Turkey sends 40,000 refugees back to the provinces from Istanbul

Children sleep on a migrant woman’s lap as they wait at the main bus station in Istanbul, Turkey. (Reuters)
Updated 15 November 2019

Turkey sends 40,000 refugees back to the provinces from Istanbul

  • The Istanbul governor’s office said 42,888 migrants were rounded up by police and sent back to their assigned provinces between July and October
  • Under the system, they must stay in the province to which they were initially assigned, and can only visit other cities with short-term passes

ISTANBUL: Turkey said Friday it had expelled more than 40,000 refugees living in Istanbul and sent them back to the provinces where they were initially registered.
A campaign was run from July through to the end of October, aimed at reducing the number of refugees in Turkey’s biggest city and economic hub.
The country hosts some 3.6 million Syrian refugees — more than any other country — though technically they are only under “temporary protection” because the government does not offer them formal refugee status.
Under the system, they must stay in the province to which they were initially assigned, and can only visit other cities with short-term passes.
The Istanbul governor’s office said 42,888 migrants were rounded up by police and sent back to their assigned provinces between July and October, without specifying their nationalities.
It said in July that 547,000 Syrians were officially registered in Istanbul, and that no new registrations were being accepted.
Turkey has faced limited social problems despite the refugee influx from the eight-year conflict in its southern neighbor.
But an economic downturn has sharpened tensions, and analysts say the refugee issue likely contributed to the ruling party’s surprise defeat in the Istanbul mayoral election this year.
President Recep Tayyip Erdogan has sought to defuse the issue with plans to create a “safe zone” in northern Syria to which refugees can return, though rights groups have cast doubt on the feasibility of the plan.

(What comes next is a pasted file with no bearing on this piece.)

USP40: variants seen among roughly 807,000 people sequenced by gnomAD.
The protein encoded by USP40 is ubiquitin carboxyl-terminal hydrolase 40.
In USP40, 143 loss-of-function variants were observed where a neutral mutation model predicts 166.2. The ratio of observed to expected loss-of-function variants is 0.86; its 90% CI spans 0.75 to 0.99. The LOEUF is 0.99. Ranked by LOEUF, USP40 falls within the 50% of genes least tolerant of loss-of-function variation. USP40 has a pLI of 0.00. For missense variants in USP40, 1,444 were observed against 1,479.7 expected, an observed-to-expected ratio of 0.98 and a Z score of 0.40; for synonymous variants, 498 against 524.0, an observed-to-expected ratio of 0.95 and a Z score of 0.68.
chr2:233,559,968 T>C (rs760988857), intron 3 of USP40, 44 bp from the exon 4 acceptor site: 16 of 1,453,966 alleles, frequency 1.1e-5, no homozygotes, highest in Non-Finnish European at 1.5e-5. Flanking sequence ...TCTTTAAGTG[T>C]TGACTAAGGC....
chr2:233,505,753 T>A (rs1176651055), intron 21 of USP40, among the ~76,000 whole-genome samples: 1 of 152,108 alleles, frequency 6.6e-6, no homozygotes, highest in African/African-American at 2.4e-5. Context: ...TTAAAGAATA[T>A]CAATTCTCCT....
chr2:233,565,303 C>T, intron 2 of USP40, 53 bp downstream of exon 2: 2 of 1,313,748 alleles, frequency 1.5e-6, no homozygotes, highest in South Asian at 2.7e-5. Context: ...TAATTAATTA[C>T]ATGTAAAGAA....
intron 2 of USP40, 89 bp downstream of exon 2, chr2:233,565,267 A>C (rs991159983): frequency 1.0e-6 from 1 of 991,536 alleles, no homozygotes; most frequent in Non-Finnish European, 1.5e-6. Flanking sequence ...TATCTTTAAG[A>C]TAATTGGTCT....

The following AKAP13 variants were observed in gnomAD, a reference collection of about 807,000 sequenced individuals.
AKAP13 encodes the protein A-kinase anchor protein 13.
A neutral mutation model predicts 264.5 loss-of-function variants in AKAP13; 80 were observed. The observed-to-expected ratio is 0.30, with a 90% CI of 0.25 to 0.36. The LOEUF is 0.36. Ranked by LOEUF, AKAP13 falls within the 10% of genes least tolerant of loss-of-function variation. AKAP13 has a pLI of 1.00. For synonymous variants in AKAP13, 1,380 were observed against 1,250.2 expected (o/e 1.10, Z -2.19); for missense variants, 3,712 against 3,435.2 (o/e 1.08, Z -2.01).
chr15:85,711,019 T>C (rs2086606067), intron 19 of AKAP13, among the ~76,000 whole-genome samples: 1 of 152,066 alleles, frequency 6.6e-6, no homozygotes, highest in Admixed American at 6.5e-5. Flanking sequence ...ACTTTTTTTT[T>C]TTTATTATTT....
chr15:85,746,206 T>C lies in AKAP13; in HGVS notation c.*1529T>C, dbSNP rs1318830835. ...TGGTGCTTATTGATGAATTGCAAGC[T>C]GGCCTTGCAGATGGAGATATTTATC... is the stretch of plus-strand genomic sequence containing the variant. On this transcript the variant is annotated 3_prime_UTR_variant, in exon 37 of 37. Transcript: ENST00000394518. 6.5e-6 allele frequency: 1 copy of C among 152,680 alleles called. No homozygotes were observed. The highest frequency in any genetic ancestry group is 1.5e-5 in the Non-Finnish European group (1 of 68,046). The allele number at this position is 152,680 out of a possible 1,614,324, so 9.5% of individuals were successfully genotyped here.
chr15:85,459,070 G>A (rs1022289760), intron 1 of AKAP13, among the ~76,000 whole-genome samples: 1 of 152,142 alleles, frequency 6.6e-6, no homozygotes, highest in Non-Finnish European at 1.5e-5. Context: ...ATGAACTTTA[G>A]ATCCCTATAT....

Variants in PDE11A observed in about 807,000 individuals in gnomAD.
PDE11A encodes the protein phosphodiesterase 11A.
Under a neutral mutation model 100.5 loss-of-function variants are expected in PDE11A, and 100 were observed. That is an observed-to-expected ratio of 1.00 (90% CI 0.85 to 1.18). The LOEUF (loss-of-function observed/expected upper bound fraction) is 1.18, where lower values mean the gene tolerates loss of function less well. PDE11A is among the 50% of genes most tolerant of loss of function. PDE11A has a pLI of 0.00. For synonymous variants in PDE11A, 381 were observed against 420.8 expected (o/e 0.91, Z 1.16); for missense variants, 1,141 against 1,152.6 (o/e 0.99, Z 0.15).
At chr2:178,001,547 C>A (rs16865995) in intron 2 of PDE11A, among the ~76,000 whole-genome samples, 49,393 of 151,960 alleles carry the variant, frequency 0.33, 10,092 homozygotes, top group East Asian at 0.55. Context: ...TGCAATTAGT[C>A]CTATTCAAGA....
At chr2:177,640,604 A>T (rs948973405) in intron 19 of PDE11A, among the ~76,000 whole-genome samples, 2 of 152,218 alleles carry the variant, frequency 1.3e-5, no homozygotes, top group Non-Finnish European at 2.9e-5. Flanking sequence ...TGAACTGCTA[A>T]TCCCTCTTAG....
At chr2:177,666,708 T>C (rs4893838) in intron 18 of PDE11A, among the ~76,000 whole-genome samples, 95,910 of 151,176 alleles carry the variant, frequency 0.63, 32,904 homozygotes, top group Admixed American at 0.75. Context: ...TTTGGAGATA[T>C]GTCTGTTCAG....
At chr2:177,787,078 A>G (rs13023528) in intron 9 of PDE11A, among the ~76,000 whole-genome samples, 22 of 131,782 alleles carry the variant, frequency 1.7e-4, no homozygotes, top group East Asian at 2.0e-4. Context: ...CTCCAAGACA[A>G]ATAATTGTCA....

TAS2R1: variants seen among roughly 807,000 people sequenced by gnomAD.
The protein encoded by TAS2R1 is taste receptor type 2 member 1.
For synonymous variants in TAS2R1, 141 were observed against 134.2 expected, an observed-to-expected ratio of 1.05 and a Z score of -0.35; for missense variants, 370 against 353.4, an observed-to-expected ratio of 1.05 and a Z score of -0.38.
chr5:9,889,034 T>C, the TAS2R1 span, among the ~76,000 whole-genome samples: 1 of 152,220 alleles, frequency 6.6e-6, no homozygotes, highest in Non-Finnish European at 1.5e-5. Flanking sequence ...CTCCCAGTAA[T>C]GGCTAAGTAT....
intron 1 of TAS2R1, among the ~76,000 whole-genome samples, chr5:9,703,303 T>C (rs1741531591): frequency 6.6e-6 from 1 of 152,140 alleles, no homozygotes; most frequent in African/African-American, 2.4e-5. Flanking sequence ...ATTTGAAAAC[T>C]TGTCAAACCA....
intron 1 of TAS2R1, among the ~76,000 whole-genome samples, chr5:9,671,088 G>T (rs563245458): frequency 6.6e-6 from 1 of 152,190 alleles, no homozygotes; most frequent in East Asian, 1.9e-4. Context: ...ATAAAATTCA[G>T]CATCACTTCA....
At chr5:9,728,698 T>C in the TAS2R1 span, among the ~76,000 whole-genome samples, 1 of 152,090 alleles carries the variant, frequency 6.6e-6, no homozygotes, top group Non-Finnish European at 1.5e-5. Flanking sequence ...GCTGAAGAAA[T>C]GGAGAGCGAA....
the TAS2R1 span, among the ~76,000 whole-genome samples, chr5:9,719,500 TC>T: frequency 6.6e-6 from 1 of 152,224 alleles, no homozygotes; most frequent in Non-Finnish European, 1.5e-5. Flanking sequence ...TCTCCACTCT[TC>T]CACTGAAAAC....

Ethiopia says suspects confessed to killing popular singer

Updated 10 July 2020

Ethiopia says suspects confessed to killing popular singer

  • Hachala Hundessa became a symbol of the Oromo struggle during years of anti-government protests that swept Abiy to power in 2018
  • Though Abiy is Ethiopia’s first Oromo head of state, Oromo nationalists accuse him of insufficiently championing their interests since taking office

ADDIS ABABA: Ethiopia’s attorney general said Friday that two men had confessed to killing a popular singer from the Oromo ethnic group as part of a plot to topple Prime Minister Abiy Ahmed’s government.
Hachala Hundessa became a symbol of the Oromo struggle during years of anti-government protests that swept Abiy to power in 2018.
His shooting death last week sparked days of protests and ethnic violence that killed 239 people, according to police figures.
“The assassination was intended to be a cover to take power from the incumbent by force,” attorney general Abebech Abbebe said in a statement Friday aired on state television, without providing details.
Though Abiy is Ethiopia’s first Oromo head of state, Oromo nationalists accuse him of insufficiently championing their interests since taking office, a complaint echoed by many protesters last week.
Abebech said that along with the two men who have allegedly confessed to the crime, the government has identified a third suspect who remains on the run.
One of the men in custody identified the masterminds of the alleged plot as members of a rebel group the government believes is affiliated with the opposition Oromo Liberation Front (OLF) political party, Abebech said.
The OLF, a former rebel movement, returned to Ethiopia from exile after Abiy took office and has repeatedly disavowed any links to armed insurgents.
The Internet remained shut off Friday for an 11th consecutive day, though Addis Ababa remains calm and Abiy’s office issued a statement saying the surrounding Oromia region had “returned to calm and citizens have resumed normal activities.”
In her statement, however, Abebech said unnamed agitators were calling for additional protests and road blockages in the coming days.
“There are those that have hidden themselves in nice places but are calling on Ethiopian youth to fight each other, close roads and to cease working as part of a rebellion call,” Abebech said.
“Above all we call on our people to disobey this rebellion call and to thwart it.”